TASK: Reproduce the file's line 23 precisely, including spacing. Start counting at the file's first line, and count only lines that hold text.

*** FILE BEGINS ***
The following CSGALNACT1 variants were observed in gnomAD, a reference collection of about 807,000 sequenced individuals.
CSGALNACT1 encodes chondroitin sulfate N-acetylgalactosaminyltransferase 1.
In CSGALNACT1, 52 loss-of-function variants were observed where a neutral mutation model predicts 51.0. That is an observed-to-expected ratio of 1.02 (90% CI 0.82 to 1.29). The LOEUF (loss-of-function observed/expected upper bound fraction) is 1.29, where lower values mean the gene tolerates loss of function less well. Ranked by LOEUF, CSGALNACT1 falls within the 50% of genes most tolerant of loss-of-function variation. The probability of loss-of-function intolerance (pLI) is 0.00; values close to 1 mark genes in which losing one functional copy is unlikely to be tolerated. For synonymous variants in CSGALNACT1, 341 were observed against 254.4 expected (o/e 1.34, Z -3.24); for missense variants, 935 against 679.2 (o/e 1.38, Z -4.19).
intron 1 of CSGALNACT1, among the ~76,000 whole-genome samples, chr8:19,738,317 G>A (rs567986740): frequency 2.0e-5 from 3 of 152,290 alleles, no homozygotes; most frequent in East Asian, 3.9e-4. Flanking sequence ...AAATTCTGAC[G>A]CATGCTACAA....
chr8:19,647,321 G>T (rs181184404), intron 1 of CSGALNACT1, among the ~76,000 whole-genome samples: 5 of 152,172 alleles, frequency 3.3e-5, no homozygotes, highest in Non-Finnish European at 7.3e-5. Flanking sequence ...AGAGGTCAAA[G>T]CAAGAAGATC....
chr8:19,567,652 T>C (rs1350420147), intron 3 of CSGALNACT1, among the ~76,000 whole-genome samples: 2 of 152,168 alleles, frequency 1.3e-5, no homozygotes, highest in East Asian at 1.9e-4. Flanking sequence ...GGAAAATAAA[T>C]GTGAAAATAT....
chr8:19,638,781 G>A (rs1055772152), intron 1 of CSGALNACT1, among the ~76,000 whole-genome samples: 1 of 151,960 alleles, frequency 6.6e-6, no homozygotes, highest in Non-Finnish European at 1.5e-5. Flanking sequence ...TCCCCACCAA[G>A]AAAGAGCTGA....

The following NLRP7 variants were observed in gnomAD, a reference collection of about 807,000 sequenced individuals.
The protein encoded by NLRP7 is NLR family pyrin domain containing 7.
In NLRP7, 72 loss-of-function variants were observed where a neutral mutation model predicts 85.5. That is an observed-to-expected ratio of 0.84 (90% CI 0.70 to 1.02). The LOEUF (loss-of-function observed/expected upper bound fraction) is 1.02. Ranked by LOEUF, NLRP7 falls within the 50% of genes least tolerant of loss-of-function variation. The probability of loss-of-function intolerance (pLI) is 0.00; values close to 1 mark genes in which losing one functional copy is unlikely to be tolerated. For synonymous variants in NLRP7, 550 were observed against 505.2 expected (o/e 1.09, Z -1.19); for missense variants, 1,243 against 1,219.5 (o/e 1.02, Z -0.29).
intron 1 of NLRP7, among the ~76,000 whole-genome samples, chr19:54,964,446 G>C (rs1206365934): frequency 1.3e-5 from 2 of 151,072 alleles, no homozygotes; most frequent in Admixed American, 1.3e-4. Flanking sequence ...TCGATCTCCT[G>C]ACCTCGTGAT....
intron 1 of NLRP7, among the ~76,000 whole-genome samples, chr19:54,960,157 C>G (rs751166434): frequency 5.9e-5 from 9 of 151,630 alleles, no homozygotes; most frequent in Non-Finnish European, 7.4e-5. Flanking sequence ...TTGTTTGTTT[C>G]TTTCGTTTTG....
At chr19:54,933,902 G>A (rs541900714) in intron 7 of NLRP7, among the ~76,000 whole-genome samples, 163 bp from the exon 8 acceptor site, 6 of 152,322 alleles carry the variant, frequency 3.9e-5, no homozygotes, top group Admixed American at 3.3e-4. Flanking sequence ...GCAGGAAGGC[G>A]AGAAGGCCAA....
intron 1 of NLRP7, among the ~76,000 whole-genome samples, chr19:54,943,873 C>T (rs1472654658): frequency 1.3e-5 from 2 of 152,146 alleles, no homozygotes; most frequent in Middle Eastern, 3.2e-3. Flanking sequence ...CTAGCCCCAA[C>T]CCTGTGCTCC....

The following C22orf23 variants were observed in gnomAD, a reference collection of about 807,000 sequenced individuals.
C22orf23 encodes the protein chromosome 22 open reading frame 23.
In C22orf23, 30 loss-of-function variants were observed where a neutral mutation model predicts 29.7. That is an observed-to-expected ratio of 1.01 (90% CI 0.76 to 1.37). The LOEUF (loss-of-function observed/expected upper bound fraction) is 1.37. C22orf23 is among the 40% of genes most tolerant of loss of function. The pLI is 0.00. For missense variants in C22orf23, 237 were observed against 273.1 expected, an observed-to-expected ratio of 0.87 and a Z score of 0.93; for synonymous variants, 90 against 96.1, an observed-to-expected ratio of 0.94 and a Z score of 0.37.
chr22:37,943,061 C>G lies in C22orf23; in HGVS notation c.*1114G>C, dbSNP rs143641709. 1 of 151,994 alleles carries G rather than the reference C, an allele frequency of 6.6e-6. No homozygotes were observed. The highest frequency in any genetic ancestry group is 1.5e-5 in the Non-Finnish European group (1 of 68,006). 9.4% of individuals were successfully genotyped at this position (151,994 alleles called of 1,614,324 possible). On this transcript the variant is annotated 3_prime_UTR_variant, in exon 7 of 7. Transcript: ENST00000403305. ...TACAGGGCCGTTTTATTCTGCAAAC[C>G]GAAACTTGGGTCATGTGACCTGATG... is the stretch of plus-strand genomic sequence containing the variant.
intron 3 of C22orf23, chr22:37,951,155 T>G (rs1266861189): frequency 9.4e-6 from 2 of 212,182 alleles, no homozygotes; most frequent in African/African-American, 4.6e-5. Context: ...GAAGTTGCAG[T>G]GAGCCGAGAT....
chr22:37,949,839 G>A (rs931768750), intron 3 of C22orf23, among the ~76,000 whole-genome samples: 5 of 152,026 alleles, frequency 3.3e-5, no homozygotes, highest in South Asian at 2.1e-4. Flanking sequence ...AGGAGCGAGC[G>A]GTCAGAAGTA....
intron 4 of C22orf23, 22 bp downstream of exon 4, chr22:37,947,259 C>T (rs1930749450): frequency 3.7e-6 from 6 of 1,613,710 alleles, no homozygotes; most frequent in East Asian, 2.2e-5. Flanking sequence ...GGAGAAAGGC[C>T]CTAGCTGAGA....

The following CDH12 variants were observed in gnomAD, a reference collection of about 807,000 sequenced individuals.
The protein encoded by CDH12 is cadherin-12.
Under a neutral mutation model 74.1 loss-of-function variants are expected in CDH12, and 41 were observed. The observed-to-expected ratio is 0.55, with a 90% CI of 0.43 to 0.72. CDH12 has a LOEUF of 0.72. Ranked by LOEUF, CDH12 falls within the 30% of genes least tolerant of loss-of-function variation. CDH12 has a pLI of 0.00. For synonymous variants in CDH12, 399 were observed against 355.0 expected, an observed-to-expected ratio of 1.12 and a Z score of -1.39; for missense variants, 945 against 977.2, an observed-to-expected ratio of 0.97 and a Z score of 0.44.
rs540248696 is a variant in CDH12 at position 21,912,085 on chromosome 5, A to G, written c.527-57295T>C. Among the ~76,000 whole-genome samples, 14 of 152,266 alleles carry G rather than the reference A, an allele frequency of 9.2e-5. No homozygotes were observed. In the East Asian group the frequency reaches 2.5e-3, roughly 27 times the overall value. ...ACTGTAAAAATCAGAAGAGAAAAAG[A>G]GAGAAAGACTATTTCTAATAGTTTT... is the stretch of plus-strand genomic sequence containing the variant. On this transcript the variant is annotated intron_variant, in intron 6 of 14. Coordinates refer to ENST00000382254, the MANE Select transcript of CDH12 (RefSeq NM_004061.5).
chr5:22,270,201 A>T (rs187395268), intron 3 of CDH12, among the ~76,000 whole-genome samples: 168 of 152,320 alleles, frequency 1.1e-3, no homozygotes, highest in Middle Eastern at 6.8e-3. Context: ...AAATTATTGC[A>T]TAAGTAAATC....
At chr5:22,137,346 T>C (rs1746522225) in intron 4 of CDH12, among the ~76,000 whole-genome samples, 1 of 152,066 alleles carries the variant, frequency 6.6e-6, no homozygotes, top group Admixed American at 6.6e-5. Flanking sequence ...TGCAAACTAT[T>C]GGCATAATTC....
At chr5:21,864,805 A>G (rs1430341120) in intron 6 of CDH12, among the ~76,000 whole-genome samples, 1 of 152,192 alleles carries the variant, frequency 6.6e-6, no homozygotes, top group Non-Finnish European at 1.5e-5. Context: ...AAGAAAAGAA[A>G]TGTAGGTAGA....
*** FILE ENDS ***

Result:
The protein encoded by CDH12 is cadherin-12.